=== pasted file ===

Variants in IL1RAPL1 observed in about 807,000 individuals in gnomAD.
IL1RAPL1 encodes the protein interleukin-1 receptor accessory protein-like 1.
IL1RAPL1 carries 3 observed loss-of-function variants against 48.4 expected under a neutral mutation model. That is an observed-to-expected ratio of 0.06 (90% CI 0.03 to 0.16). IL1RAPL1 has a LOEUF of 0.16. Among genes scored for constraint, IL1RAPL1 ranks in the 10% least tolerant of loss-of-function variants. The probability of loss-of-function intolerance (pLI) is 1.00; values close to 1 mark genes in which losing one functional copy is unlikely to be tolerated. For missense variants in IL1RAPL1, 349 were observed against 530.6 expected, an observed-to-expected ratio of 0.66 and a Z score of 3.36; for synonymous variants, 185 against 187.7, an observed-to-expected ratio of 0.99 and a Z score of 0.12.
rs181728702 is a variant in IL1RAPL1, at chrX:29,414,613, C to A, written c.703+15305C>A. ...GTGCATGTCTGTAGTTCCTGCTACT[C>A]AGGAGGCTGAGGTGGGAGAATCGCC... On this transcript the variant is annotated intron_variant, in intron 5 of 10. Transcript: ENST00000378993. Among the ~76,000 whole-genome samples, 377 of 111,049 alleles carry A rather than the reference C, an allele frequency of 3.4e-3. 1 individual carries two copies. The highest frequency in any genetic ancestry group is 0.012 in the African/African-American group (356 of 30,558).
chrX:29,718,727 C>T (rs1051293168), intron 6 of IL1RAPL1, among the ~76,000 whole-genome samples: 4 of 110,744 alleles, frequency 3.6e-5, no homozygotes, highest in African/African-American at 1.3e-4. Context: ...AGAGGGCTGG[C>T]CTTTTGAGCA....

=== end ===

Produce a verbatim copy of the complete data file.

Variants in IL1RAPL1 observed in about 807,000 individuals in gnomAD.
IL1RAPL1 encodes the protein interleukin-1 receptor accessory protein-like 1.
IL1RAPL1 carries 3 observed loss-of-function variants against 48.4 expected under a neutral mutation model. That is an observed-to-expected ratio of 0.06 (90% CI 0.03 to 0.16). IL1RAPL1 has a LOEUF of 0.16. Among genes scored for constraint, IL1RAPL1 ranks in the 10% least tolerant of loss-of-function variants. The probability of loss-of-function intolerance (pLI) is 1.00; values close to 1 mark genes in which losing one functional copy is unlikely to be tolerated. For missense variants in IL1RAPL1, 349 were observed against 530.6 expected, an observed-to-expected ratio of 0.66 and a Z score of 3.36; for synonymous variants, 185 against 187.7, an observed-to-expected ratio of 0.99 and a Z score of 0.12.
rs181728702 is a variant in IL1RAPL1, at chrX:29,414,613, C to A, written c.703+15305C>A. ...GTGCATGTCTGTAGTTCCTGCTACT[C>A]AGGAGGCTGAGGTGGGAGAATCGCC... On this transcript the variant is annotated intron_variant, in intron 5 of 10. Transcript: ENST00000378993. Among the ~76,000 whole-genome samples, 377 of 111,049 alleles carry A rather than the reference C, an allele frequency of 3.4e-3. 1 individual carries two copies. The highest frequency in any genetic ancestry group is 0.012 in the African/African-American group (356 of 30,558).
chrX:29,718,727 C>T (rs1051293168), intron 6 of IL1RAPL1, among the ~76,000 whole-genome samples: 4 of 110,744 alleles, frequency 3.6e-5, no homozygotes, highest in African/African-American at 1.3e-4. Context: ...AGAGGGCTGG[C>T]CTTTTGAGCA....